Life of a Pencil: Part 2

Hey! Here is a second short fiction piece I thought I would share! This started out as an idea I had when I was a little girl. I put it in pencil in a notebook that I carried around with me everywhere until I spilled butter all over it and it was ruined. It started out as letters from each of the different, creative names I came up with and evolved into more of a plot. Even as a young child (8 or 9) I made it where the mechanical pencils thought they were better than the wooden ones (showing how observant kids are of the messed up shit in the world). I hope you enjoy it! This is Part 2. You can find Part 1 here.

Life of a Pencil: Part 2

Ellie stepped up, and looked straight into the camera. “I am a spokespencil of the PAPA, or the Pencil Abuse Prevention Association. The cases we are hearing from are all over the USA, and are all equally disturbing. Some cases of abuse are as follows: chewing, sharpening excessively, breaking in half, throwing across the room, bouncing on the eraser, and excessive pressure when writing. Please be aware that that is what you are doing, humans, and please do something to stop this madness of abuse.

“And now I would like to introduce a spokespencil of the other organization, the PNPA, or the Pencil Neglect Prevention Association; Mr. Ricardo Ricci!”

A stout looking pencil with a well groomed point and a worn HB2 sign on his front shuffled up to the stand.

“Welcome. I want to tell you a few situations of pencil neglect, neglect that happens on a daily basis. One room this often happens at home is in the bedroom. You never clean your room and so you leave your pencils on the floor for up to months, or years. The poor things want to be used, don’t you see! Then there is the old, ‘lost in pencil bag or book bag’ when you use a different pencil every day! That is neglect! Thank you, and please be aware of what you are doing.”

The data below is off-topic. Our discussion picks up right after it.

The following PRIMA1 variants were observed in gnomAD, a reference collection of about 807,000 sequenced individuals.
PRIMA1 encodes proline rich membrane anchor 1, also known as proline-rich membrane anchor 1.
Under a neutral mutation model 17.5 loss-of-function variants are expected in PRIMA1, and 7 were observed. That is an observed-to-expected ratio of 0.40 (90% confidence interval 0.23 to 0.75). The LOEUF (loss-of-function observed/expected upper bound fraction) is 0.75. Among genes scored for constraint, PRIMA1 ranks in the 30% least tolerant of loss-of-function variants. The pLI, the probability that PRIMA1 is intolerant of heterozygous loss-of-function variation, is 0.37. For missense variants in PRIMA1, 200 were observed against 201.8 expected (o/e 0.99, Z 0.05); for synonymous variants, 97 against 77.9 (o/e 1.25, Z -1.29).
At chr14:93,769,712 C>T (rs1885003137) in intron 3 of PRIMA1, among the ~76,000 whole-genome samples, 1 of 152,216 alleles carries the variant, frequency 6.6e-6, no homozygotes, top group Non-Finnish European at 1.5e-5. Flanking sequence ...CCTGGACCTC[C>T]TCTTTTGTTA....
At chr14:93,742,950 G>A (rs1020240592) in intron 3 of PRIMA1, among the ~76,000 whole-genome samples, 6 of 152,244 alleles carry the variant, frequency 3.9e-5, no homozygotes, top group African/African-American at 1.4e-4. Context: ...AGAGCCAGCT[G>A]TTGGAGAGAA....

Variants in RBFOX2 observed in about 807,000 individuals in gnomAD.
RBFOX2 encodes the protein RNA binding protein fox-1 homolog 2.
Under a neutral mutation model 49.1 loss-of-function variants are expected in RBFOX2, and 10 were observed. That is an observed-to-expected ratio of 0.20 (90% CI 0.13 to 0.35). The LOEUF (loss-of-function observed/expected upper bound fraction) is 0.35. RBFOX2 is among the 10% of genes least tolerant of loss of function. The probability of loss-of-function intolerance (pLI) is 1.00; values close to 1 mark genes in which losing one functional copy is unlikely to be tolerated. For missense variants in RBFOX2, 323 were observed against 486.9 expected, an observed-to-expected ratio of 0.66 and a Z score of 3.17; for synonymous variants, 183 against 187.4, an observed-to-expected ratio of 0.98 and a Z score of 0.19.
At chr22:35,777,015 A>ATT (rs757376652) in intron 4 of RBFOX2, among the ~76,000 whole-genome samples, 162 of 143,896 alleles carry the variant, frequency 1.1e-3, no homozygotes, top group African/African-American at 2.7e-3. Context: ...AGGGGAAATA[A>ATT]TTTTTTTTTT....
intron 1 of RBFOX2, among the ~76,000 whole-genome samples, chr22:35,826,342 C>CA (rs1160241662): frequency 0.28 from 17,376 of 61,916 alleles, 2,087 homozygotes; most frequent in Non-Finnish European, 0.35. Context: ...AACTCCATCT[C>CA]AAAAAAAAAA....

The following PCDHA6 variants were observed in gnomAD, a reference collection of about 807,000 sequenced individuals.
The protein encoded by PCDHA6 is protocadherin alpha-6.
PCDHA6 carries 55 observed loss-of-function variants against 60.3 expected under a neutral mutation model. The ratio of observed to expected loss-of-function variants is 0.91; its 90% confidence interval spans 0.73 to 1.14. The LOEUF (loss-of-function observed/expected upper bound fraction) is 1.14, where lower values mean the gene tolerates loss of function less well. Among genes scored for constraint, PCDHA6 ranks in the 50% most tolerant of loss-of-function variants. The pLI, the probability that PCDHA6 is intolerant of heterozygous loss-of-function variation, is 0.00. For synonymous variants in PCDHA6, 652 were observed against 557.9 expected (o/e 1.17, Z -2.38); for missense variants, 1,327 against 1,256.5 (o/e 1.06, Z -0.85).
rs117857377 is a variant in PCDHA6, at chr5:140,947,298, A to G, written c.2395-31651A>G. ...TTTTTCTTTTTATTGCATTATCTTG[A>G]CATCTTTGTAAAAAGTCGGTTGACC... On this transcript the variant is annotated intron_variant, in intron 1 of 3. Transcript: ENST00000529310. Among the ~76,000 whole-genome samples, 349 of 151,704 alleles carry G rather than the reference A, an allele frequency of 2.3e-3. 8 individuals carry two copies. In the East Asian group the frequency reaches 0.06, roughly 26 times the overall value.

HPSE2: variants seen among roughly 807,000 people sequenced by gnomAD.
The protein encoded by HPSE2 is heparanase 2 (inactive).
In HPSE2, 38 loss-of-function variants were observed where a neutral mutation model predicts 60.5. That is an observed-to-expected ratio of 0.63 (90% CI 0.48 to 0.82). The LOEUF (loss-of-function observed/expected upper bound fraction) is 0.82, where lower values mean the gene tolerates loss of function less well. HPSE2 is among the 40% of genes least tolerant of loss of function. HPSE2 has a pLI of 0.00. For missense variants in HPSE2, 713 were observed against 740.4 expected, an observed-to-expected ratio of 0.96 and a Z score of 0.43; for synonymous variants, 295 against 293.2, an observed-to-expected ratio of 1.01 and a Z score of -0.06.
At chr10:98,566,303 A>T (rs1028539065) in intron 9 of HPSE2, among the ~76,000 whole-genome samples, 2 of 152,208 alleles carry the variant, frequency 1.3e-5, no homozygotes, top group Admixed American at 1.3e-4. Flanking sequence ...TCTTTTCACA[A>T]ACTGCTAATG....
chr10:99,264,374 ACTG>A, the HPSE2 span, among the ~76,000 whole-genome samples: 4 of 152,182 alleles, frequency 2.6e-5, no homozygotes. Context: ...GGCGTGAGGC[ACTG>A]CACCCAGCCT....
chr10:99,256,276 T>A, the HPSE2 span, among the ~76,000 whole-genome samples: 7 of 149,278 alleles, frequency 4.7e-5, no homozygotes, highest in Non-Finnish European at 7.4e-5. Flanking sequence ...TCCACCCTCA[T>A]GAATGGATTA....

The president came back up to the stand, and the audience responded with applause. He walked up with a dignified stride, and said, “Finally for this day we have a final tape of what pencils lives should look like, with two pencils and their dreams. Roll tape!”

The board was once again moved in front of the camera and the projector was turned on. The screen flickered and the sound was turned on.

“Hello, my name Paige Point, and I am supposed to tell you what my dreams are of the perfect life of a pencil. Well, there would be no pencil abuse or neglect, no rivalries between the mechanical and the wooden, and there would be high class sharpeners, ones that wouldn’t do a crappy job and make us have to be sharpened again, and finally I would want there to be a unity between humans and their pencils!”

The tape cut, and the audience applauded. Suddenly a light was turned on and all of the pencils scrambled for cover. They were all under the desk, hiding when a high-heeled giant stepped in front of the camera, and all of the pencils hushed. Then, the giant sighed, and walked out, turning off the lights.

“And, now to continue our program the rest of the tape. Sorry for the interruption.” The president apologized.

The room rolled the tape again and a small pencil came on.

“My name is Maddie Metal. My perfect pencil world would be where people respected pencils, as if we were their friends. So, I guess we wouldn’t have to hide that we can talk, or think, or write on our own, but we would be able to say ‘Hi! How are you doing?’ to them, like we had known each other forever. They don’t know that we can read, and that we read everything they write, and that we know them like that, or that we can understand their words. We would have long talks every night; we could be their friends. I just wish that was the way it is, not that we have to hide like we do now, but we would have fun with each other. We would do everything together. That would be the ideal pencil world.”

The audience clapped and cheered and whooped. That was the perfect end of the meeting, and everyone knew it.

Gary walked back up to the stand and said, “She said it. Thank you for watching.”

The camera was shut off, and the next week, the show aired.


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